the more medicine i take for high sugar, the higher
    my blood pressure goes. so i end up taking my sugar meds till my blood pressure starts going up, then quit till it comes back down.
    i take glimpiride, and several vitamins for my blood sugar.

  • Henrech Lib

    I am a diabetic (type 2).In my case black coffie lowers the goucose levels in the blood.

  • julia vaughn

    I was diagnosed as a diabetic 8yrs.ago.I control my prediabetes with exercise an diet alone.I just recently increased my coffee because ijust had a taste for some coffee.I checked my blood sugar the next morning an it had dropped 10-12 points.I thought about what i had done different the day before.I drink 3 mugs of coffee with regular an caffine mixed every morning.I had increased 3mugs of decafinated around 4pm.I have done this for four days now.My glucose readings in the morning an at night [before & after meals]are still 89-90 range.I also exercise from 10min.-15-20-minutes twice to three times daily.Moderate speed.I changed my last exercise time to 8pm.So,i don’t know if its the combination of both or if its the coffee.

  • christine

    I have to cover my coffees’ w/ 2 uhumalog and if its w/ cream ck the carbs which is usually 2 but how many tblspn.. so coffeemate sugar free is best.. I am type 1..took a long time to figure this out just a problem when your itching for an ice coffee and didnt calculate Im not on a pump..

  • Sarah

    I am a Type 1 of 37 years. Over the
    last 10 years, I can drink only coffee
    (often 50-50)in the morning and have
    my sugar spike up to 50 points
    especially when I am not being very
    active though sometimes it just spikes
    regardless of activity. However, most
    times it is less than 30 points and
    since I am heading into a walk and
    low-carb breakfast I do not dose.And,
    it doesn’t happen every day.
    Glad you covered this topic.

  • David Spero RN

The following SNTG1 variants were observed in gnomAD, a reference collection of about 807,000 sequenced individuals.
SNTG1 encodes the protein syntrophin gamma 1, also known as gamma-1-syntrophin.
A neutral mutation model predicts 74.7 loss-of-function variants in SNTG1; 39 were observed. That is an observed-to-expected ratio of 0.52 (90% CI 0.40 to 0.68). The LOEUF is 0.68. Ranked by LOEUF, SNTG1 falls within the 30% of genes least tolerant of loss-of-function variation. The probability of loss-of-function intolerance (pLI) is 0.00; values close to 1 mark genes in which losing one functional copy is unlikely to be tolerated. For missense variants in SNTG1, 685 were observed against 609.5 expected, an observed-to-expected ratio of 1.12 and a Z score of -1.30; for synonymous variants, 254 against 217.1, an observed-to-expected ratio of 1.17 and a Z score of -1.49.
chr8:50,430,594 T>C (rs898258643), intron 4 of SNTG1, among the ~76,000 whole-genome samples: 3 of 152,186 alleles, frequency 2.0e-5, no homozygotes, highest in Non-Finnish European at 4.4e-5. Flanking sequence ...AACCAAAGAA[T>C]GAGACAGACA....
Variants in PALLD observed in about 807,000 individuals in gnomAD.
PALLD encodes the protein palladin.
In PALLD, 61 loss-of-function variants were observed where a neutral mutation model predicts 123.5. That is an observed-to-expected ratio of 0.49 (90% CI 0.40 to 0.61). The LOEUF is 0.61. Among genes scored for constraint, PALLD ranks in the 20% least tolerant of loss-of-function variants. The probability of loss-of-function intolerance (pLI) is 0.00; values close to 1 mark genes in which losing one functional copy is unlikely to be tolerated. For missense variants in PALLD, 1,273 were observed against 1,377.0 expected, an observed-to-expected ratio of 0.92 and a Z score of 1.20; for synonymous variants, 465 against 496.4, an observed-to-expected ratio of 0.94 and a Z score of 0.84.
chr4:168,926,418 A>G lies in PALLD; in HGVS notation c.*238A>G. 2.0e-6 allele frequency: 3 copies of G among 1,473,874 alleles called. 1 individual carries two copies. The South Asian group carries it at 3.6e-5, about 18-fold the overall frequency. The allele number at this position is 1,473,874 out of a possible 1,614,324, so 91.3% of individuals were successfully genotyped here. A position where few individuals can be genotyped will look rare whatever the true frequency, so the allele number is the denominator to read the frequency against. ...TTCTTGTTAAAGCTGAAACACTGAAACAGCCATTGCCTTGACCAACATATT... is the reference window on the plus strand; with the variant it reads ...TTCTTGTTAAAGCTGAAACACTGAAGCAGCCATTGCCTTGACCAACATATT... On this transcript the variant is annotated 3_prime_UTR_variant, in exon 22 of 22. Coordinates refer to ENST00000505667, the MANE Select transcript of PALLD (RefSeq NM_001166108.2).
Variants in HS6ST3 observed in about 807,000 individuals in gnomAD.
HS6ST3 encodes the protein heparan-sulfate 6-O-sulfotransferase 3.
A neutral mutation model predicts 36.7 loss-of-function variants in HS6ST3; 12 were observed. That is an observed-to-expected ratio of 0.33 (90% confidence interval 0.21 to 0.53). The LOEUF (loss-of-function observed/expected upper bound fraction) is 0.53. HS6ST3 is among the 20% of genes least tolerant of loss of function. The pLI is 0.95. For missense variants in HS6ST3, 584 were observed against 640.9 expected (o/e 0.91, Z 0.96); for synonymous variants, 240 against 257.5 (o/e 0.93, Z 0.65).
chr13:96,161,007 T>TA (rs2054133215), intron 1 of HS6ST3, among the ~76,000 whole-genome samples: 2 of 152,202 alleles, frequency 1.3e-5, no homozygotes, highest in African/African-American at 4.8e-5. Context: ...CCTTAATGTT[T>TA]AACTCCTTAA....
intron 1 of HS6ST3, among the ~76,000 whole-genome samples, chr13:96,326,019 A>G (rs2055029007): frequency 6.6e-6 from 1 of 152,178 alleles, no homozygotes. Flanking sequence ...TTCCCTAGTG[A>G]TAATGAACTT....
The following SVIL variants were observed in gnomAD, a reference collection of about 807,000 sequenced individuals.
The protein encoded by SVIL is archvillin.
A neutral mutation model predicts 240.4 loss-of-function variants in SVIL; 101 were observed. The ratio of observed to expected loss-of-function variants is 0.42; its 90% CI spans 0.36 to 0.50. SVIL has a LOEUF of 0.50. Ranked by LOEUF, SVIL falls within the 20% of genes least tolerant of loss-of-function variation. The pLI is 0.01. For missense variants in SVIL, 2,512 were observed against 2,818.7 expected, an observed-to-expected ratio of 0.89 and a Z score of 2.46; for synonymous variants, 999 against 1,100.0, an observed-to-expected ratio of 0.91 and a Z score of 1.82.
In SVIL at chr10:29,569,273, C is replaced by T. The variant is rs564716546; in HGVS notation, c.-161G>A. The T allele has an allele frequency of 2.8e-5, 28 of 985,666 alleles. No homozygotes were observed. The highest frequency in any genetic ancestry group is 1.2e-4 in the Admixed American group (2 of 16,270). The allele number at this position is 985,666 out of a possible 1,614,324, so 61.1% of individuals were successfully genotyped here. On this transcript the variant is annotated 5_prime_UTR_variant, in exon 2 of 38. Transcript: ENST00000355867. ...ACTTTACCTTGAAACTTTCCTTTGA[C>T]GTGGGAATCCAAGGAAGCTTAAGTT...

Well, it’s still a mystery to me. Most people seem to have some kind of spike with coffee, with or without caffeine, with or without carbs. But some people don’t.

    So how to explain the coffee’s protective effect against Type 2? Is it possible that coffee could raise short-term blood sugar levels but still be good for diabetes in the long term? And would this apply to Type 1 as well?

    Thanks to everyone who has posted. Perhaps we can get to the bottom of this.

  • Pam S

    I am a type II diabetic. My blood sugar will
    spike 50 points after two cups of coffee. Then
    after a little exercise, I will drop very rapidly so that I become hypoglycemic. Coffee really has
    an effect on my blood sugar.

  • jim snell

    As one who has liver issues making too much glucose and shutting doen with metformin; I do not see these issues with spiking and have two cups of regular percolated coffee every morning.

    I am not fan of decaff as the process to remove caffene involves using carbon tetrchloride – dry cleaning fluid to remove the caffiene. That does not impress me consuming residue of carbon tet.

  • jim snell

    one other key issue. Are you drinking coffee black – no canned creme, creme, milk, coffeemate

    Coffeemate because it has corn syrup solids in it and NO sugar; the corn syrup solids do jump the BG.

    Once I drank black – then no noticeable jump.

    Type 2 diabetics – and I am one of those where any hint of sugar, corn syrup solids will jump the BG in early am. Once system up and running not much issue for this person.

  • kathleen Kadron

    when i tested this morning my sugar level was 105 then i had coffee with coffemate and i measured my blood sugar levels at 11am after breakfast and it was 305 can you imagine my shock. i have type 2 diabites, the only other items i had to eat was a bowl of bran flakes and some milk plus mabey 6-8 grapes. thats when i started to investigate coffee mate. i will monitor this for a few days and see if there is any difference without drinking coffe or without drinking coffee with coffeemate.

    • Lorraine

      Grapes are so sugary, everything you ate turns to sugar like bran flakes and milk.

  • Mary

    I am like Steven above that says no matter what he does his blood sugar goes up. I have just recently gone insulin I take Levemir in the mornings and Novalog during my biggest meal my sugar stills runs over 200 and into the 3’s I just dont know what to do. I am fixing to have the lapband surgery done and the nutrition says I have to stop drinking caffeine? I really dont understand why but I am just wondering why caffeine is so bad…I did notice that caffeine coffee did spike my sugar level even though I hadnt eat..So to all this can you give me any type of information so my mind can be at ease and hopefully help me in some way?